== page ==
It’s an alarming reality: Each day in the United States, 22 veterans or military members die from suicide.
But Dr. James Whitworth, a UCF associate professor of counseling and military social work — himself retired from the U.S. Air Force — is encouraged by new, alternative therapies that may help these troubled vetrans.
Here are five things to know about veteran mental health and some of the therapies being developed to treat them:
1. Roughly 15-25% of military veterans from most recent conflicts return with trauma responses or varying levels of post-traumatic stress disorder, or PTSD, \Whitworth says. It's a "normal response" to what these warriors are witnessing, he says.
During a deployment, military members work in a heightened "alarm" state, acutely aware of danger. But after they return home to a non-threat environment, the approach doesn't translate. “I’ve worked with, known so many warriors who experienced these responses," he said. “When we come alongside them to support them, we’re trying to tap into their strength.”
2. Whitworth says he sees promise in studies of new, alternative therapies, from equine therapy to providing canine companions for those military members who need help.
The McCormick Research Institute in St. Cloud serves individuals with special needs and veterans struggling with PTSD in programs known respectively as Heavenly Hooves and Horses & Heroes. The latter program, now in its eighth year, is a partnership with UCF College of Medicine for "investigating the benefits of trauma-informed, equine-assisted learning and therapies for US military Veterans with PTSD." Veterans take part in a three-hour session for 12 weeks.
3. Another promising therapy, per Whitworth, is pairing veterans with canines, such as what the K9 Partners for Patriots program does free of charge. Veterans can bring their own dog to be evaluated for 21 weeks of training, or are provided a service pup, hand-selected from a shelter by the nonprofit group. Prior to the start of classes, enrollees must attend three classes to demonstrate commitment to the program, according to the website.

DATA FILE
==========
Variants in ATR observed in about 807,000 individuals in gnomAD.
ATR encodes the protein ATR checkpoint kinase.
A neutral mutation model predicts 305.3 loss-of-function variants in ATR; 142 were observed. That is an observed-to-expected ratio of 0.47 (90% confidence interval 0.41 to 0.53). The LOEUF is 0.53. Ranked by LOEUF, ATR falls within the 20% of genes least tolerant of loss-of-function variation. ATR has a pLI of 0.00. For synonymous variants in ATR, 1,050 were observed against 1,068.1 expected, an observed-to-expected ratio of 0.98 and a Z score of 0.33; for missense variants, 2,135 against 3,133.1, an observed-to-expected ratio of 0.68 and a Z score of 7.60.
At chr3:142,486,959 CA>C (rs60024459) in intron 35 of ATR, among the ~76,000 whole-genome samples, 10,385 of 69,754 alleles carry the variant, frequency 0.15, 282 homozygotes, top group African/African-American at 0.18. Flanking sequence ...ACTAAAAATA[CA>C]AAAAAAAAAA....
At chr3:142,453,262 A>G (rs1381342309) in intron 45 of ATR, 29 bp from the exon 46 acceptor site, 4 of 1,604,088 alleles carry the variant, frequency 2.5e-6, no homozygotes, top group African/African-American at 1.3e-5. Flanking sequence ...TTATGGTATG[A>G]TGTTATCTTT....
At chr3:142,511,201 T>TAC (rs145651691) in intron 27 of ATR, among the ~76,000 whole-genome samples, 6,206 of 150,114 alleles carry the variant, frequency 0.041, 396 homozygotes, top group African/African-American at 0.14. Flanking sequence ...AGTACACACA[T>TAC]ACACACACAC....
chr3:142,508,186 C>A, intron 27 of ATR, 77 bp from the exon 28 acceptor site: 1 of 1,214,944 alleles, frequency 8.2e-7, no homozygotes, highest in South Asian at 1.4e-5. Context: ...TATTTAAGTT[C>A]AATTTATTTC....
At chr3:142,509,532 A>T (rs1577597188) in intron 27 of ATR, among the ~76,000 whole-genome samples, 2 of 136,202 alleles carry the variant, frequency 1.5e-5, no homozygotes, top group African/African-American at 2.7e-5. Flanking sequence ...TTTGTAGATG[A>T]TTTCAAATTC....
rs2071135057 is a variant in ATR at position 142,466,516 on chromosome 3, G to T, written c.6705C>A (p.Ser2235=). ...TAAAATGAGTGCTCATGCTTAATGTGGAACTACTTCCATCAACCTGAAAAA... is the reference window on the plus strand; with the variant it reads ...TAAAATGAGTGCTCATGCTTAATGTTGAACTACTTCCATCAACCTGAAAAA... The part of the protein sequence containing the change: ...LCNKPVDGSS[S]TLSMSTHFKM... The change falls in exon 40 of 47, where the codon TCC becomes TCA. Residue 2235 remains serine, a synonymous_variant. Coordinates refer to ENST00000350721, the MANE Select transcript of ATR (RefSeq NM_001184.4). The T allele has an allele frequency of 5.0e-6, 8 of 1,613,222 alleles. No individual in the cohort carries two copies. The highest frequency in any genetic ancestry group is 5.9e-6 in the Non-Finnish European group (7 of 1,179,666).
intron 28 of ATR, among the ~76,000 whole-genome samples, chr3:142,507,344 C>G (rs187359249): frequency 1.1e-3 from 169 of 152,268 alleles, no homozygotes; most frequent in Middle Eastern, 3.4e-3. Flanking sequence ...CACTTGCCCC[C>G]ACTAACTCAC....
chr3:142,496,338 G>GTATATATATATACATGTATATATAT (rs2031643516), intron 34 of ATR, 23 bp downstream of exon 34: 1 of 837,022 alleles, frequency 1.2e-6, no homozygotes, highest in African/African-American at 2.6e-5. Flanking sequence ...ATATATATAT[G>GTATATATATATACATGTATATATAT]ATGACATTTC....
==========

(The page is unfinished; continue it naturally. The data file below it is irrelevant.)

“We’re just learning about the benefits (of alternative therapies) compared to other solid, research-based interventions," Whitworth says. "We see these service dogs, alternative treatments, as a bridge ... to help that veteran reconnect with other people around them. What we do know is veterans love these programs. They seek them out and stay in these programs."
4. After 30 years in law enforcement working as a deputy for Broward and Orange counties, plus two deployments to the Middle East, Army Reserve Capt. Jeff Snyder said he wasn't the same person he was before his service. He felt anti-social, like "a zombie at home," and would not leave the house.
But that changed 4 1/2 years ago when Snyder went online and found a dog listed by a seller in North Carolina. He drove to pick up Echo and enrolled in the K9 Partners for Patriots Program. Since then, Snyder says they've been inseparable. Echo keeps him focused and grounded, and when Snyder's adrenaline kicks in, the dog helps him to calm down.
He credits the dog and program with saving his life: "There was a situation, and it got out of control, and she saved my life. I can never repay her for it. She helps me get some of the bad stuff away. This program not only teaches you to work a dog, but gives you a lot of brotherhood."
Longtime #deputy Jeff Snyder grew up w/ dogs, but never realized how much he needed a service dog—until he returned from two deployments overseas.— Julie Gargotta (@juliegargotta) November 16, 2020
Suffering from #PTSD, he reached out to @k9p4p. He credits this beauty, Echo, with saving his life 🙏🏻 @MyNews13 #Veteran #Military pic.twitter.com/LS4X22iOZL
5. Right now, Congress is considering a bill called the PAWS Act, which would require the Department of Veterans Affairs (VA) to study the effectiveness of pairing vets with dogs in improving mental health. HR 43-05 passed the House unanimously, but still needs to pass in the Senate. The bill was proposed by Congressman Steve Stivers of Ohio, a brigadier general in the Ohio Army National Guard. He shared with us this statement on the bill's significance:
“A soldier under my command during Operation Iraqi Freedom recently told me what his service dog means to him: He was able to fly on a plane for the first time in 10 years and he took his fiancée to dinner. That is the impact this bill can have on the lives of our veterans. I’m incredibly proud that this bill passed the House unanimously, and I look forward to getting it signed into law so that our veterans can receive the care they need.”